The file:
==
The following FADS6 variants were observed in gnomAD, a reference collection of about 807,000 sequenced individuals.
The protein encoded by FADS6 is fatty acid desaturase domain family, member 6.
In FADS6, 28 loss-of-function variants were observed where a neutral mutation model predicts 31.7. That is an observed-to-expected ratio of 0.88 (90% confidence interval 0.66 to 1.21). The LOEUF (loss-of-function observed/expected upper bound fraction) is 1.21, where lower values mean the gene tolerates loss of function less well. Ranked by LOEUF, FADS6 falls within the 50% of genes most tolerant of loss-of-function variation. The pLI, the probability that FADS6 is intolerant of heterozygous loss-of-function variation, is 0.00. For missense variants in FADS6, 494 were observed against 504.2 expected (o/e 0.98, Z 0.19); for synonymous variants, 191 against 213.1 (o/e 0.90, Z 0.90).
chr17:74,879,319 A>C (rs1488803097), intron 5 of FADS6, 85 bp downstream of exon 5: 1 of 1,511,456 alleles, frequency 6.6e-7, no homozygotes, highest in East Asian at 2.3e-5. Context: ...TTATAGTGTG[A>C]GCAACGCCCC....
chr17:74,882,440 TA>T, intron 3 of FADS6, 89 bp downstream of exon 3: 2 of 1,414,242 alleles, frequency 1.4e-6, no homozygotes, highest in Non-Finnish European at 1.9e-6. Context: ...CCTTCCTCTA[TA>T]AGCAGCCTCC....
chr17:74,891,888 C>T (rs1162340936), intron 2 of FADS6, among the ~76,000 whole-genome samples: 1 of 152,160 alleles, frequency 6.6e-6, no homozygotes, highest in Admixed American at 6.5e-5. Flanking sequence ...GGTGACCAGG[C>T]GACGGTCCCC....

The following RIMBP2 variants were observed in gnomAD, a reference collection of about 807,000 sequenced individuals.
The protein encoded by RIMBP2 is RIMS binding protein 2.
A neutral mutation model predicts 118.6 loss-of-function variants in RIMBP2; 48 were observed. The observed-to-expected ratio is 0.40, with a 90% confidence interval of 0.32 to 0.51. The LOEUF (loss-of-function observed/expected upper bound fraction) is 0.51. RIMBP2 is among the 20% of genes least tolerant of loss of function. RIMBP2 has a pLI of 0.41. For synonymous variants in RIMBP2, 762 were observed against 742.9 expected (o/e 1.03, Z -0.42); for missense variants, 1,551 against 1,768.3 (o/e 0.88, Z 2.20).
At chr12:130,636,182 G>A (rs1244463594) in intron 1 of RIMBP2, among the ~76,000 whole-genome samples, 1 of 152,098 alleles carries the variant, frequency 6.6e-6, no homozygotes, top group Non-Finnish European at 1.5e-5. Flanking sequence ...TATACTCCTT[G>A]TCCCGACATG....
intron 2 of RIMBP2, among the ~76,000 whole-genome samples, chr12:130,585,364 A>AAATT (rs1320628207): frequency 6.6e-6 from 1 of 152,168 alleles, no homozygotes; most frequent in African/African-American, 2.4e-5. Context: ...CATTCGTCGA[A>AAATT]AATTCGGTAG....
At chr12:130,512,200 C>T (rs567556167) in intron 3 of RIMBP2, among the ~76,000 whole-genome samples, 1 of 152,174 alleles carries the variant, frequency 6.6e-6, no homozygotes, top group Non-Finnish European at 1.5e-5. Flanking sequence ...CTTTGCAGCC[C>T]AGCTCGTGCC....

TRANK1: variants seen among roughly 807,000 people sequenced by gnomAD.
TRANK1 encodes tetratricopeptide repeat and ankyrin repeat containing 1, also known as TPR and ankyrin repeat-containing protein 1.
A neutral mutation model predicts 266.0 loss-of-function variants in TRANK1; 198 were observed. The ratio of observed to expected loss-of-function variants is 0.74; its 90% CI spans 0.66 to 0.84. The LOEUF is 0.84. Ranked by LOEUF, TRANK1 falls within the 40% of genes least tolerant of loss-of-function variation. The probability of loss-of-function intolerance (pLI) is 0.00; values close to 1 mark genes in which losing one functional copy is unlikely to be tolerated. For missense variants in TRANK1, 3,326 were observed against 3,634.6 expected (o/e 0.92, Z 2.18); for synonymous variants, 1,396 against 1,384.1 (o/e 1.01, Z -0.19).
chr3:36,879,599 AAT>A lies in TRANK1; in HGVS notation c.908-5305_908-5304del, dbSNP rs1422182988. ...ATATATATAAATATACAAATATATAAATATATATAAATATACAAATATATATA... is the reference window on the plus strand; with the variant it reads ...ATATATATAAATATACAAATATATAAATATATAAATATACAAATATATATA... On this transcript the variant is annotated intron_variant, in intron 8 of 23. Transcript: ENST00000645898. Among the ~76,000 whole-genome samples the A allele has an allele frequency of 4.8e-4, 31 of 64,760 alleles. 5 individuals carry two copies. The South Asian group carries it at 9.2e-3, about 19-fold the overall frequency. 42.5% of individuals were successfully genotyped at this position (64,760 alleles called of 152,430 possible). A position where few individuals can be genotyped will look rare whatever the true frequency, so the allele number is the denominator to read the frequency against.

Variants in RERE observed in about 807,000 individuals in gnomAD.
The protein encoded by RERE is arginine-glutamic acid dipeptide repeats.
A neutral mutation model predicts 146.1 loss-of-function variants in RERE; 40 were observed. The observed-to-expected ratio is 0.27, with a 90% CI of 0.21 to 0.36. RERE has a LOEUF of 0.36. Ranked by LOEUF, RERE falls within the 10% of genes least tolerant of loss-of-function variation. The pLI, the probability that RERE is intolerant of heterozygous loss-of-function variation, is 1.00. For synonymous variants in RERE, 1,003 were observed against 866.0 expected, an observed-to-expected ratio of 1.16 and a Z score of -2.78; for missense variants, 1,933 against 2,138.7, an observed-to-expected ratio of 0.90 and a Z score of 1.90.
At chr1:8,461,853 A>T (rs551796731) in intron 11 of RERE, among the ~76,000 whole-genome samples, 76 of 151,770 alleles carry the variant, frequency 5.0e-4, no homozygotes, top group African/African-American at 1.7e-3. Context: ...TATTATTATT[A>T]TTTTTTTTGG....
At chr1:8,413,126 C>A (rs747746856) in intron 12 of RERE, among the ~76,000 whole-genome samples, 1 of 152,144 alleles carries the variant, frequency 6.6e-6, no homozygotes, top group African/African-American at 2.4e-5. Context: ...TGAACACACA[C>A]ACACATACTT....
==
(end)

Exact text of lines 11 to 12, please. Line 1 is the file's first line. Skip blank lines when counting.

intron 2 of RIMBP2, among the ~76,000 whole-genome samples, chr12:130,585,364 A>AAATT (rs1320628207): frequency 6.6e-6 from 1 of 152,168 alleles, no homozygotes; most frequent in African/African-American, 2.4e-5. Context: ...CATTCGTCGA[A>AAATT]AATTCGGTAG....
At chr12:130,512,200 C>T (rs567556167) in intron 3 of RIMBP2, among the ~76,000 whole-genome samples, 1 of 152,174 alleles carries the variant, frequency 6.6e-6, no homozygotes, top group Non-Finnish European at 1.5e-5. Flanking sequence ...CTTTGCAGCC[C>T]AGCTCGTGCC....